I never would have guessed it then, but I know now your dad would love being a grandfather.

You showed up recently, in a story I wrote called "Like Riding a Bicycle", which will be published in an anthology about kinky couples later this year. The story was a thought experiment. If your father and I had married, would we still be engaged in D/s, decades later? If not, what would it take to start again? Of course, the characters aren't really me and your dad. They never are. But the germ of that story, like so many of my tales, lies in the mysterious heart of the connection he and I shared. Anyway, the narrator (the male of the couple) mentions the disruptive effect of children on his kinky relationship with his spouse. He refers to you by name.


It's fun to picture you coming to visit me - to visit us - on Mother's Day, perhaps with your lover, husband or children in tow. I'd cook dinner, because that's what I like to do, and we'd sit around the table afterward, drinking wine and reminiscing about your past, and perhaps mine. Your dad would be playing with your kids, I suspect. You wouldn't go home till late, because we enjoyed each other's company so much. And later still, in bed, your father and I would compliment each other on how well you turned out.

Wherever you are, I hope that your world has given you the gifts you deserve. I hope you'll forgive me, too, for not having the insight or the courage to bring you physically into my world. We can't change the past, and I don't know if I would do so, even if it were possible. I do somewhat regret, though, denying you the chance to exist.

On Mother's Day, I hope you'll think kindly of your poor, confused old mom.



  1. Lisabet - Kudos for coming up with a take on this, and such an interesting one too.

  2. Wow, that was beautiful. And in its way very romantic. Are there married couples out there like that? Are there mothers like that? Are there marriages like that?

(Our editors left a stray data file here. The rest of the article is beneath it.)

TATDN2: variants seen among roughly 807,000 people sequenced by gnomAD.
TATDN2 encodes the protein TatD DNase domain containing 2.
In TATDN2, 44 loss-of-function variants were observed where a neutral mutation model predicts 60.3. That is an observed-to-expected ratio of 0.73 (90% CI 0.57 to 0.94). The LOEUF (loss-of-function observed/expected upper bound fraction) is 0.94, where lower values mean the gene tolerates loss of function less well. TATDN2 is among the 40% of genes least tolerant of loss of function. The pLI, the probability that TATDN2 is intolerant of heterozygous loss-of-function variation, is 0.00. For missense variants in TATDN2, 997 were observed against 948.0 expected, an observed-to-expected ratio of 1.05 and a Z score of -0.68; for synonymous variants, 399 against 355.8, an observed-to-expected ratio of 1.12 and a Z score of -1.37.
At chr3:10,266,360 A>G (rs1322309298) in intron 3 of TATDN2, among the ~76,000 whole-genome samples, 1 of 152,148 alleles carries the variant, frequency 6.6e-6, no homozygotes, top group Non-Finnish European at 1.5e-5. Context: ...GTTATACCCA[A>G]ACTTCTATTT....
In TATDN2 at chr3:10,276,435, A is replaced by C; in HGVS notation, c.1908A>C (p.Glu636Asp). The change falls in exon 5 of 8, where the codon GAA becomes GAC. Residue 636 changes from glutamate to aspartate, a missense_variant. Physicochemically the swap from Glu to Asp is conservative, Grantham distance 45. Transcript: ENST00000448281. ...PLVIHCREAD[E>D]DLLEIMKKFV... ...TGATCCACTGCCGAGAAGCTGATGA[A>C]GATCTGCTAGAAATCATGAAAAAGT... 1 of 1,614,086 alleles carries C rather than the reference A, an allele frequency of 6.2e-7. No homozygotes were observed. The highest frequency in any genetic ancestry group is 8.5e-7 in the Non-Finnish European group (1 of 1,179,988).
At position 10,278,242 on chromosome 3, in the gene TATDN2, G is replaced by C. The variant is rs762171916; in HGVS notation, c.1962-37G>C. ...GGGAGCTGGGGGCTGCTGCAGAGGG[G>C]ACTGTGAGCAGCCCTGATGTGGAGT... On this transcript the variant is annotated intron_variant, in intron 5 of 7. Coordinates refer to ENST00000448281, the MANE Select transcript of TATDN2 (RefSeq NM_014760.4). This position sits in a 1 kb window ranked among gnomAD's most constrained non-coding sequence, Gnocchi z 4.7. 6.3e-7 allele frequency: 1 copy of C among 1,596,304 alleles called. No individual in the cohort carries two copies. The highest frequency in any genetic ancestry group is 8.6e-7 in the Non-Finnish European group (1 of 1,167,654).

I think we only dream such things. I've never seen them. Surely such things don;t exist.


  3. Kathleen,

    I don't think that I can trump your tale... Sometimes I think I didn't have children because I was a coward. It's easy to write about something - you experience it vividly, but then you can just let the pain evaporate.

    I used to bug my lovers that they "couldn't commit". But sometimes I think I'm the one who deserves that criticism.

  4. Hi Garce,

    The original story _was_ intensely romantic. However, I doubt that the real world experience would have been.

  5. How very beautiful and (though I feel this word seems to make light of the poignancy I experience from your post) clever, Lisabet. By that I refer to the post's content and, as Kathleen alluded to, your approach to the week's topic. Thank you for sharing.

  6. This was amazing to read, Lisabet. I honestly thought I would never have children-- the years were slipping, slipping away and I couldn't commit to the idea. A couple of miscarriages in 19 years of marriage seemed proof it wasn't meant to be. Then it happened... and now it's happening again and there's a part of me that is in awe at how much life can change from what you thought it was going to be.

  7. Emerald!

    Thank you for dropping by. I wasn't trying to be clever. Just honest.


  8. Kristina,

    You're a much braver woman than I am. I'm a bit in awe myself.